Creating your first integrator

An integrator is defined by one Transposit Dev Platform application and relays alerts and related data from external services to Transposit. In some cases, users may want to create an activity (incident, service request, etc.) based on these alerts or take other action.

An integrator is triggered by a request to a webhook URL that Transposit provides.

This tutorial will guide you to make your first integrator in Python.

Creating your first integrator #

  1. Fork sample application: Go to this sample application and fork this app at the top of the page. Make sure to change the owner to the name of your organization, not your personal account.
  2. Deploy integrator: In your application in the Transposit Dev Platform, go to Deploy > Mission Control, change the type to “Integrator,” and save. You should use the latest tag for ease of development.
  3. Create a webhook: Go back to Transposit and add a webhook by going to the Settings gear icon > Webhooks section. Click the Add webhook button and select a Custom integrator. Your integrator’s identifier is in the format of maintainer/service_name:tag. If you are following this tutorial, your integrator identifier will be your_organization_name/application_name:latest. All incoming alerts will always appear in the Activity feed. It is optional to also set a Slack channel for the alert to appear in. (Note: The Slack channel must already exist; create it before adding the webhook.) Click Add.
  4. Trigger an alert in Slack: When your webhook is created, an endpoint URL is created. To trigger an alert from your integrator, curl [endpoint_url] on command line or go to the URL in your browser. This acts like an external service triggering your integrator. You should now see an alert in the Activity feed or specified Slack channel.

Where to go from here? #

Now that you have set up your first custom integrator, you can use the endpoint URL with any external service that supports webhooks to trigger alerts in Transposit. If you trigger the webhook URL from another external service in the sample application, you will see a Slack message with the http_event body. The structure of the data being sent to Transposit with the endpoint URL often depends on the service.

Incoming data #

In the sample application, we store different properties such as headers, query_parameters, and parsed_body to retrieve data from the external service to use with Transposit.

http_event = params["context"]["parameters"]["http_event"]
query_parameters = http_event.get("query_parameters", {})
parsed_body = http_event.get("parsed_body", {})

In the query_parameters and parsed_body you can see where the data you want to use is stored. Not all external services will contain each of these properties.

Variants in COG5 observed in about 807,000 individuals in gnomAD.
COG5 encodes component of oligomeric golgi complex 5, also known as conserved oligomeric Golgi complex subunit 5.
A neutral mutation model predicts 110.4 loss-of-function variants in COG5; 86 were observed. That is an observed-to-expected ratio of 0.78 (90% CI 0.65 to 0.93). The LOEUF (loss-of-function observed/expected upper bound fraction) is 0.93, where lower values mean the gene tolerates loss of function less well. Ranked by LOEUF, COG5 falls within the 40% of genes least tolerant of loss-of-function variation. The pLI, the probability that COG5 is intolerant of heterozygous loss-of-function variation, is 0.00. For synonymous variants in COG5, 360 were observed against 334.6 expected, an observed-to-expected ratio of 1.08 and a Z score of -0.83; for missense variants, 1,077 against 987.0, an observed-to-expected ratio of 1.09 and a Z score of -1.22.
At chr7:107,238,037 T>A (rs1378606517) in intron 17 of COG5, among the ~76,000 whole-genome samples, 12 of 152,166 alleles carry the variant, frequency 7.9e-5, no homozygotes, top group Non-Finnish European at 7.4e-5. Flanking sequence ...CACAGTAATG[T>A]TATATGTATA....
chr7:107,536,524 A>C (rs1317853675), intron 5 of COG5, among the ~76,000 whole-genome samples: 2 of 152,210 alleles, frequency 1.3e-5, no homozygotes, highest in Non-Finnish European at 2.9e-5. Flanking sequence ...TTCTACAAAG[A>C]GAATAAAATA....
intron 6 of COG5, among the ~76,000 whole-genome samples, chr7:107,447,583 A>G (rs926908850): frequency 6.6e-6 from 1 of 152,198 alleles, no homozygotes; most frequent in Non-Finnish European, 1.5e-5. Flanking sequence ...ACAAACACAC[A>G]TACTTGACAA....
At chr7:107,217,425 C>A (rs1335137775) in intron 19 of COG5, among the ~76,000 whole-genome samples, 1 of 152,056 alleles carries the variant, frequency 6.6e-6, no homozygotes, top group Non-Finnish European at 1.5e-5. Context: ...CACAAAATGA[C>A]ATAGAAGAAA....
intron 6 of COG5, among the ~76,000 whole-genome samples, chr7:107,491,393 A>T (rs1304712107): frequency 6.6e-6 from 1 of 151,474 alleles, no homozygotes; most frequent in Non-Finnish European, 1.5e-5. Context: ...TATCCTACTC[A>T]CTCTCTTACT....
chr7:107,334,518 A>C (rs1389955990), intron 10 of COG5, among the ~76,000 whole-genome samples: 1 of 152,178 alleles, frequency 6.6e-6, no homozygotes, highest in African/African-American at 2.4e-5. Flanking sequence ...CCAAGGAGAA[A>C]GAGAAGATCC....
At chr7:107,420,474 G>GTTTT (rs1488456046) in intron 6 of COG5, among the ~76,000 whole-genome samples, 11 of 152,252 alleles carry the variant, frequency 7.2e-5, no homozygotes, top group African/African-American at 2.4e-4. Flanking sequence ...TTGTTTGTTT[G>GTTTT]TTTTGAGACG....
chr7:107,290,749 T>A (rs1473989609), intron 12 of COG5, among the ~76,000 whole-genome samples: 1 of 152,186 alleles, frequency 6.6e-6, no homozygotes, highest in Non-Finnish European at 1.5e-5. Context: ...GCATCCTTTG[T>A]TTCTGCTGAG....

Metadata #

Also, in the sample application, you can see in integrator.response() operation's alertInformation dictionary there is an optional metadata property.

integrator.response(
{
"name": "alert_title",
"externalUrl": "alert_url",
"metadata": {
"app_name": app_name,
"parsed_body": parsed_body # Store any data that you want to use in the future from the wehbhook here, you can also use a different property name!
}
}, response_blocks)

This metadata property is a great place to store non-changing information that you want to access in an activity's later actions or runbooks. For example, you might reuse this data to query graphs or logs to get more data related to the alert or take action based on the incoming webhook. You might even store information related to the team the alert is associated with.

You will be able to access this metadata in any action run connected to the integrator's alert.

Running an operation #

In some cases, you might want more data or take action based on an integrator being triggered. For example, you can call external services for more data as seen in the sample application in the try/except that is commented out:

# Get a query string parameter's value, replace query_param
query_param_val = query_parameters.get("query_param")

# Get a request body parameter's value, replace body_param
body_param_val = parsed_body.get("body_param")

# Optional: Run an operation to get more data, take action, etc.
try:
results = api.run("this.call_api", {
"param1": query_param_val,
"param2": body_param_val
})
except ValueError as ex:
error_blocks = api.run("block_kit_lib.markdown_text_section", {
"text": f"There was an issue performing an action:\n{str(ex)}"
})
integrator.response(
{"name": "Template integrator alert"}, error_blocks)
return {}

Sending alert messages #

As seen in the sample application, we use the block_kit_lib connector to make it easier to form Slack Block Kit UI followed by integrator.response(alertInformation, blocks). Most of the time, this would look like something like this:

response_blocks = api.run(
"block_kit_lib.markdown_text_section", {
"text": f"Alert: Something happened with more info and data here!"
})

# Output an integrator response to Slack and activity timeline
integrator.response(
{
"name": "alert_title", # Set an alert title to the title of the incoming webhook content.
"externalUrl": "alert_url", # Set an alert_url to the url of the incoming webhook content.
"metadata": {
"app_name": app_name,
"parsed_body": parsed_body
}
}, response_blocks)

Your text value will be what you want to display to a user, as well as your activity timeline.